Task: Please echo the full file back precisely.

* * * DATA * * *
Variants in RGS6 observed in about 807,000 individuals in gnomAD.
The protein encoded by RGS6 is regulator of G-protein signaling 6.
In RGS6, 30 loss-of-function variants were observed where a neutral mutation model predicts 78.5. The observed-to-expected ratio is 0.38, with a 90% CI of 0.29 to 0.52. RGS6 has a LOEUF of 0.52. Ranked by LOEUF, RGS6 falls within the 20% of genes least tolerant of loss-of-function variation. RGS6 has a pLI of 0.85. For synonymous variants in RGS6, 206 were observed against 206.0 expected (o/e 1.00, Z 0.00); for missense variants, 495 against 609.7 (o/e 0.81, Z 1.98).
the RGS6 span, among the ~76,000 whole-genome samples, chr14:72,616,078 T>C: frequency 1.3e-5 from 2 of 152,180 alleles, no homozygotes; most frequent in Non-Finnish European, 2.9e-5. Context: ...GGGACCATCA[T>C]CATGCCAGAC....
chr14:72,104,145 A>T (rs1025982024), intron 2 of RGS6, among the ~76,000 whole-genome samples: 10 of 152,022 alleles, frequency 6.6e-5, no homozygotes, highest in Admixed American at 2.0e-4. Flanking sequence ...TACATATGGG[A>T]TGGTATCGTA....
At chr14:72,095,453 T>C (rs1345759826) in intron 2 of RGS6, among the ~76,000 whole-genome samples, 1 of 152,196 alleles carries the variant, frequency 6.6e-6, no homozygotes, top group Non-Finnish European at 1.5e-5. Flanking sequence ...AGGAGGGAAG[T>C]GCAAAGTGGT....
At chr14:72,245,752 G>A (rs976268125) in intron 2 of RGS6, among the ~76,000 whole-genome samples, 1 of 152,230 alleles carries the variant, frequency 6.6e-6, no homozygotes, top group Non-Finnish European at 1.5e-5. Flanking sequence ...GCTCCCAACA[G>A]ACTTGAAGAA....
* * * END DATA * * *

Variants in RGS6 observed in about 807,000 individuals in gnomAD.
The protein encoded by RGS6 is regulator of G-protein signaling 6.
In RGS6, 30 loss-of-function variants were observed where a neutral mutation model predicts 78.5. The observed-to-expected ratio is 0.38, with a 90% CI of 0.29 to 0.52. RGS6 has a LOEUF of 0.52. Ranked by LOEUF, RGS6 falls within the 20% of genes least tolerant of loss-of-function variation. RGS6 has a pLI of 0.85. For synonymous variants in RGS6, 206 were observed against 206.0 expected (o/e 1.00, Z 0.00); for missense variants, 495 against 609.7 (o/e 0.81, Z 1.98).
the RGS6 span, among the ~76,000 whole-genome samples, chr14:72,616,078 T>C: frequency 1.3e-5 from 2 of 152,180 alleles, no homozygotes; most frequent in Non-Finnish European, 2.9e-5. Context: ...GGGACCATCA[T>C]CATGCCAGAC....
chr14:72,104,145 A>T (rs1025982024), intron 2 of RGS6, among the ~76,000 whole-genome samples: 10 of 152,022 alleles, frequency 6.6e-5, no homozygotes, highest in Admixed American at 2.0e-4. Flanking sequence ...TACATATGGG[A>T]TGGTATCGTA....
At chr14:72,095,453 T>C (rs1345759826) in intron 2 of RGS6, among the ~76,000 whole-genome samples, 1 of 152,196 alleles carries the variant, frequency 6.6e-6, no homozygotes, top group Non-Finnish European at 1.5e-5. Flanking sequence ...AGGAGGGAAG[T>C]GCAAAGTGGT....
At chr14:72,245,752 G>A (rs976268125) in intron 2 of RGS6, among the ~76,000 whole-genome samples, 1 of 152,230 alleles carries the variant, frequency 6.6e-6, no homozygotes, top group Non-Finnish European at 1.5e-5. Flanking sequence ...GCTCCCAACA[G>A]ACTTGAAGAA....